The Internet has also enabled me to "teach" at a distance. This past summer I supervised twelve off-campus interns largely using the Internet and e-mail. Last year, I supervised an independent study done by a graduate student conducting a survey in Chile. All correspondence, drafts of questionnaires, and interim and final reports were sent via e-mail. We used telephone conferences to handle more difficult issues. In the past, such "courses" were either foregone or involved much less faculty-student interaction. 

Currently, a colleague and I are developing a completely Web-based graduate international business course using a course management software program (WebCT) that not only provides course content and external links but also e-mail, chat room, testing, and grading capabilities. In short, we will be able to teach and manage the course totally online, remarkable!

Yes, technology has changed my teaching, and so far, largely for the good.  Students learn better when they interact and process information rather than just hear it (Sproull & Kiesler, 1991).Technology has forced me to carefully organize the material I present in class. In the past I used overheads to present selected tables or figures. Now each module I teach is accompanied by a full set of slides that serve as an outline of the lecture as well as provide tables and figures. Students receive verbal and visual stimuli to reinforce the material, and they can see how the material is organized. Cassady ( 1998) has also shown that students perceived computer- aided lectures to be clearer and more interesting, and as one of my students  noted, "Visual aids are useful in keeping the class awake and attentive." The use of technology also encourages higher learning (Burge,1999). I now devote more class time to discussions, cases, and video exercises because I can more efficiently present the material. Less time lecturing seems to be a relief to students who have never found me to be an inspiring orator. 

Students appear to be more successful and satisfied with the electronic learning experience. Average test grades have increased 3% and my course evaluations have improved 15% over the period during which I introduced these teaching technologies. Nevertheless, the start up cost did come at the expense of slowing down my research activity.


Technology has always been important in my research by allowing me to perform complicated statistical analysis and to produce professional manuscripts. Research materials are now more available to students and faculty alike. My business school has launched a Global Programs Web site that provides resources on international business. University libraries (See Salisbury State) are making their card catalogues and full text articles available on their Web sites. International business schools are developing their own databases such as the World Competitiveness Report compiled by IMD in Switzerland. One can easily search these databases and extract needed data.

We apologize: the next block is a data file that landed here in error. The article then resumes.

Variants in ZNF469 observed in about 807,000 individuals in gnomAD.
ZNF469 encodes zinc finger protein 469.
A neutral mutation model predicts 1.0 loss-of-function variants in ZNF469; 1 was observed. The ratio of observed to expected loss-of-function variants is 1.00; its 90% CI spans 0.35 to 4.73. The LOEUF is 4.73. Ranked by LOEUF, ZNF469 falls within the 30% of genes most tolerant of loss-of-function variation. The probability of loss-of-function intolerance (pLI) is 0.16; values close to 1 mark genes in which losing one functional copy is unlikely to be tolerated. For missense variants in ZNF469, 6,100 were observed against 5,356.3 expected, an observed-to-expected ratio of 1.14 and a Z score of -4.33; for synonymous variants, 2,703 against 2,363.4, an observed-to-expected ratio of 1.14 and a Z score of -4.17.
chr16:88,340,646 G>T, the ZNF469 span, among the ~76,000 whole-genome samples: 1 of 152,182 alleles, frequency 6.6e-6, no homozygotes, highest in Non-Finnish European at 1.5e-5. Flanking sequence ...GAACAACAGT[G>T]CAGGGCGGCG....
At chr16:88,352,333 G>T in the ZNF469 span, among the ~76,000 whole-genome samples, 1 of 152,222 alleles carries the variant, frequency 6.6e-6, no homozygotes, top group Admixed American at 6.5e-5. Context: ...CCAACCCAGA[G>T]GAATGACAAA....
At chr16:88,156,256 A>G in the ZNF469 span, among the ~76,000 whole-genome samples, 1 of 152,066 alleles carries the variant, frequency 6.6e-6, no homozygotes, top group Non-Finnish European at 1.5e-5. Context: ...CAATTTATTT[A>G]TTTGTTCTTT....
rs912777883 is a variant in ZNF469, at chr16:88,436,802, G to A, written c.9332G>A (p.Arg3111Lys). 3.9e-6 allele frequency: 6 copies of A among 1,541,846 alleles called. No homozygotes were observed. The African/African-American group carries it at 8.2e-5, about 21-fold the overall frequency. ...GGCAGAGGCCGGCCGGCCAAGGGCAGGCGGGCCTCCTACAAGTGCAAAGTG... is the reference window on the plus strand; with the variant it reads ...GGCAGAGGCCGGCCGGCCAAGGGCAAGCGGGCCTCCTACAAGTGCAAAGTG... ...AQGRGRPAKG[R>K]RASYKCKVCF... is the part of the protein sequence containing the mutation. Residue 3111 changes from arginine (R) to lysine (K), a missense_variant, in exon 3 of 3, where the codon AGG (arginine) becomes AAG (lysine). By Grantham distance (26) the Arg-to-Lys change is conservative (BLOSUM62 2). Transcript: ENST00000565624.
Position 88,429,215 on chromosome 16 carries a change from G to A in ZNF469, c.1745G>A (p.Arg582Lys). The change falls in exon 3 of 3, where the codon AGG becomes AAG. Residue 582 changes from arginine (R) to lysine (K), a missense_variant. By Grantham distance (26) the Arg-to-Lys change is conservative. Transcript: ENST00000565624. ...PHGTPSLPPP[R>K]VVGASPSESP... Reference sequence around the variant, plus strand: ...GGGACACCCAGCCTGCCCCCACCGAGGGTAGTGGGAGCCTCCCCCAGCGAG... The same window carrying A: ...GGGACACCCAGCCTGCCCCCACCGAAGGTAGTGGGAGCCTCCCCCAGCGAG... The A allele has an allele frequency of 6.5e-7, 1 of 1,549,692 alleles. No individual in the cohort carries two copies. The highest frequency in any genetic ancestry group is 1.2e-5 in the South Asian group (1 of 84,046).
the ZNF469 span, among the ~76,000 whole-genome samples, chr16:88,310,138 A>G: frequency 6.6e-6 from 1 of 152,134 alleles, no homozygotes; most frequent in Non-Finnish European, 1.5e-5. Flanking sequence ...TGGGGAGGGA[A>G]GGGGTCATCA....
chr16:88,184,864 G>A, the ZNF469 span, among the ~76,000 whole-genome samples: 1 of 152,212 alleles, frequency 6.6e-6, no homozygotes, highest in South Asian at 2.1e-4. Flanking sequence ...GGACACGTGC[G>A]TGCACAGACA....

The two leading statistical analysis packages for academic research, SAS (Statistical Analysis System) and SPSS (Statistical Package for the Social Sciences), are powerful data manipulation, analysis, and presentation packages that are now available on one's PC and no longer require sophisticated programming knowledge. Today’s word processors can be formatted to handle many styles and routines such as tables and footnotes, and to produce manuscripts. Upon acceptance of a manuscript, many journals, like the Journal of International Business Studies, require that authors submit both an electronic and a hard copy of the final work.

Some publishers are offering the contents of their journals online for a fee. MCB  University Press provides access to over 100  journals. This publisher has instituted PeerNet, whereby, registered faculty reviewers receive manuscripts via e-mail and return their reviews using a form available on the Internet. I have participated in such a review and have found it to be effective. The use of technology in publishing will only accelerate as universities begin to require electronic doctoral theses (Moxley, 2000). This generation of technologically-empowered faculty will transform publishing.

Technology has benefited my research. I spend less time searching for literature and more time reading and interpreting it. My searches are less serendipitous and more comprehensive. I spend more time interpreting rather than generating results. Manuscript revisions are more easily coordinated with coauthors using e-mails and faxes, and I do not have to wait in the secretarial queue to produce a manuscript.


The academic profession is also assisting students and faculty in their learning and research activities. The Academy of International Business has a Website through which its various services, including faculty placement, meeting notices, and a listserv (for posting ideas) can be accessed. The Academy of Management's  International Division  also has a Web site with information relevant to its members.